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Is the time right to sort out pay and conditions?
#41
PhaseSI Wrote:............
But I've got involved in another digression from the original topic. Is it the right time to sort out pay and conditions. Not sure if its a better or worse time that at any other point. But fundamentally if your working conditions are poor and you are not happy with the level of pay then work somewhere else.

Best advice on pay and conditions I have ever seen on here!

Vote with your feet people.

I get the impression that in the old days (in industries that now have unions), pay and conditions were raised by all the workers getting together, deciding what was a 'fair wage' was then only working for that rate. Of course they had to brand anyone that worked for less as a 'black-leg' and put their windows through, etc. But hey all in a good cause?
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#42
Marc Berger Wrote:Shirley without excavation there is no archaeological resource. The curators and geophysics are putting horse before cart when they use evaluation to find archaeology and geophysics pretends to be evaluation.

Depends on the geophysical results

Marc Berger Wrote:Diggers rates of pay are very much based in "excavation". Its probably where they get their introduction to field archaeology and where experience of pay and conditions are formulated. On average what does the industry expect out of digging -one feature or three a day and would you cost that on a rate or price.

1-1.5 tons a day of muck shifted was the rate when I was trained. Assuming denisty of muck is 1-1.2g/cm[SUP]3[/SUP], i.e. 1mx1mx1m



Marc Berger Wrote:So without an evaluation (the answer will not involves algebra), if you set out on an expedition to the hinterland land of excavation how many diggers would you take with you, what rate of pay would you be willing to pay them, how long would you expect them to tell their families that they would be away for and where would you locate the site hut?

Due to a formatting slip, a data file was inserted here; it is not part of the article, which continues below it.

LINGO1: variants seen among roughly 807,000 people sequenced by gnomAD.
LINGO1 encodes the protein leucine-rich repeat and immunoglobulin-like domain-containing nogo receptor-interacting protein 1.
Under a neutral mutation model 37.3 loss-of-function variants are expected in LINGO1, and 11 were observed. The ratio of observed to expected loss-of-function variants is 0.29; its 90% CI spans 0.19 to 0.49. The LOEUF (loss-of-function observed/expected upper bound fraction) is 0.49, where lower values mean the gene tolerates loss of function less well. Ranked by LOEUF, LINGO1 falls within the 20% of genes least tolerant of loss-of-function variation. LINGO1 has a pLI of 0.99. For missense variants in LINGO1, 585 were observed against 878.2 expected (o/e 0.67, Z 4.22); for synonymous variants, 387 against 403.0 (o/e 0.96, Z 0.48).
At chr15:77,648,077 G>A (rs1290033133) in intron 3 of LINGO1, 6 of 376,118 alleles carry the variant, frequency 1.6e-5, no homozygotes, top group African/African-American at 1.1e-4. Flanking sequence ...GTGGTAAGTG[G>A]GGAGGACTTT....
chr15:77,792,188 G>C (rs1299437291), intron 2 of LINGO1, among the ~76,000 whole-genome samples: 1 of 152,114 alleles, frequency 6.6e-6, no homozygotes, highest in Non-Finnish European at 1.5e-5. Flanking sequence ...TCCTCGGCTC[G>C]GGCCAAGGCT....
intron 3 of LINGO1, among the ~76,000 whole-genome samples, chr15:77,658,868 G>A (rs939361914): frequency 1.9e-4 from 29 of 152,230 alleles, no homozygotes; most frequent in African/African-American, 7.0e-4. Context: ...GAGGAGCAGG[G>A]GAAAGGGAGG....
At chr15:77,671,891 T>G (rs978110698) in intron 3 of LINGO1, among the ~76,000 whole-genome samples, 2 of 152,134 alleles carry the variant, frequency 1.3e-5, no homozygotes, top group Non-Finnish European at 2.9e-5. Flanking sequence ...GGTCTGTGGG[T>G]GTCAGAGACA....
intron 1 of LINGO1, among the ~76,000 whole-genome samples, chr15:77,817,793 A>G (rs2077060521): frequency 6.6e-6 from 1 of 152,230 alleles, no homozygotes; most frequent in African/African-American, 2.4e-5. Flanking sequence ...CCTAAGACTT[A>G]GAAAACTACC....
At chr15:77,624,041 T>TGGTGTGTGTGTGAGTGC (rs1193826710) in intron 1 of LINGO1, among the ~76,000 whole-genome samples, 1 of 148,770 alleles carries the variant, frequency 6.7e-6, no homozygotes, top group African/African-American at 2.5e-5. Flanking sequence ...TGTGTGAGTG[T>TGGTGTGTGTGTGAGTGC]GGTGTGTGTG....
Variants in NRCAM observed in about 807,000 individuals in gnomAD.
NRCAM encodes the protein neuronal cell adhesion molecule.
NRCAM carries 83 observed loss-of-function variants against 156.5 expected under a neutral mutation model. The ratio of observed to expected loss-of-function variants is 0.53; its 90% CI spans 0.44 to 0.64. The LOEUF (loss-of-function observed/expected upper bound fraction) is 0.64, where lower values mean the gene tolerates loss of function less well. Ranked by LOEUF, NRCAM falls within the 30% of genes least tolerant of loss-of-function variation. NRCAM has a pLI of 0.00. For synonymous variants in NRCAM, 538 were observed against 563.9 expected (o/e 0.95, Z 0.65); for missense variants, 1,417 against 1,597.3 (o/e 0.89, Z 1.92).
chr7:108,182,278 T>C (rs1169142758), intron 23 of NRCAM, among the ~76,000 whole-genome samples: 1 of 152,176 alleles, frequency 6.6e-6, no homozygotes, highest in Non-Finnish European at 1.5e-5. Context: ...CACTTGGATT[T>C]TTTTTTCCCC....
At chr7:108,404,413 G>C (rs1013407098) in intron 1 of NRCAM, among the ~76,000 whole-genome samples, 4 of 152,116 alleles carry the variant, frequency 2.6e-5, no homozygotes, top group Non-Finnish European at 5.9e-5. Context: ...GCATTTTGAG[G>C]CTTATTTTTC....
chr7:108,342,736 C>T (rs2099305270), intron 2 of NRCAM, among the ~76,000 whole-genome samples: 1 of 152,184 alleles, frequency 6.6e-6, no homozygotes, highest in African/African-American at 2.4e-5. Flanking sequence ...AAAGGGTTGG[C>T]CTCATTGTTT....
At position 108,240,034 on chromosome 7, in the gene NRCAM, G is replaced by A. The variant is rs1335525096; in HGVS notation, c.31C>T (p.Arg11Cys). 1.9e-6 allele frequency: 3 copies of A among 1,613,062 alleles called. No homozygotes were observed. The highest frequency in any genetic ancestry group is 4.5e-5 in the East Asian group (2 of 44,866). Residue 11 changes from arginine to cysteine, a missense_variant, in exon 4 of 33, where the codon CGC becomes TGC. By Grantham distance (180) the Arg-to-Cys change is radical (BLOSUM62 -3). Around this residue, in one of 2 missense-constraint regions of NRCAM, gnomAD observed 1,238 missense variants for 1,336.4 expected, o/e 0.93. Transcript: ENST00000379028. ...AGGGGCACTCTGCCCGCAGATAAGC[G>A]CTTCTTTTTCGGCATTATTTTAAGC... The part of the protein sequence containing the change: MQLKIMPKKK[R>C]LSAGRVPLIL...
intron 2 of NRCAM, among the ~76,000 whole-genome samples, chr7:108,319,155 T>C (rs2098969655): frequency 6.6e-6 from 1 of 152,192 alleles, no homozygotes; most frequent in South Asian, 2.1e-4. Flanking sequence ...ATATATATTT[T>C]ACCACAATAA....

Semantics you can evaluate (work out how much it will cost) without an evaluation (trial-trenching) especially when you have dug next to the new site before.
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#43
seems to be some confusion between guessing, guestimating and having a punt
If they can get you asking the wrong questions, they don't have to worry about answers
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#44
Jack Wrote:1-1.5 tons a day of muck shifted was the rate when I was trained. Assuming denisty of muck is 1-1.2g/cm[SUP]3[/SUP], i.e. 1mx1mx1m

A navvy would be laughing his head off Big Grin
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#45
Dinosaur Wrote:A navvy would be laughing his head off Big Grin

Why so? please do elucidate
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#46
Cos they had to dig a trench a set size in a day before they'd get hired - it was just a teeny tiny bit bigger than 1-1.5 tonnes....mind you, using a spade helps
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#47
But they didn't have to conform to Health and Safety nor record anything
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#48
Can use a spade (with insulated handle) as long as you put a fence around it once below 50cm and don't even think about venturing below 1m :face-crying:
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#49
Back to the topic.

I think we are in a period of expansion and yes this will mean an influx of either people from the EU or more inexperienced people.

One thing that can be done is for curators and consultants to specify the ratio of inexperienced to experienced site workers.

Dr Peter
The whole basis of evaluation is for an informed planning decision to be made and thus if a planning condition should be imposed or the application be refused.
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#50
Quote:The whole basis of evaluation is for an informed planning decision to be made and thus if a planning condition should be imposed or the application be refused
I don't agree, even remotely. It was not the basis of PPG16. The planners may have ignorantly used ppg16 and evaluation to find out if there is any archaeology present on site which is a very lazy method but field archaeologists use evaluation to "try" and predict how much an "excavation" will cost. Every time.--Evan "digging" a site which has "no" archaeology on it will have a "cost". I don't think that any field archaeologist should accept undertaking any excavation without having costed the excavation based on an "evaluation". How else do you "agree" a cost with the planners or cost an excavation let alone stand by a invoice to a client?

What is being "evaluated"?
.....nature was dead and the past does not exist
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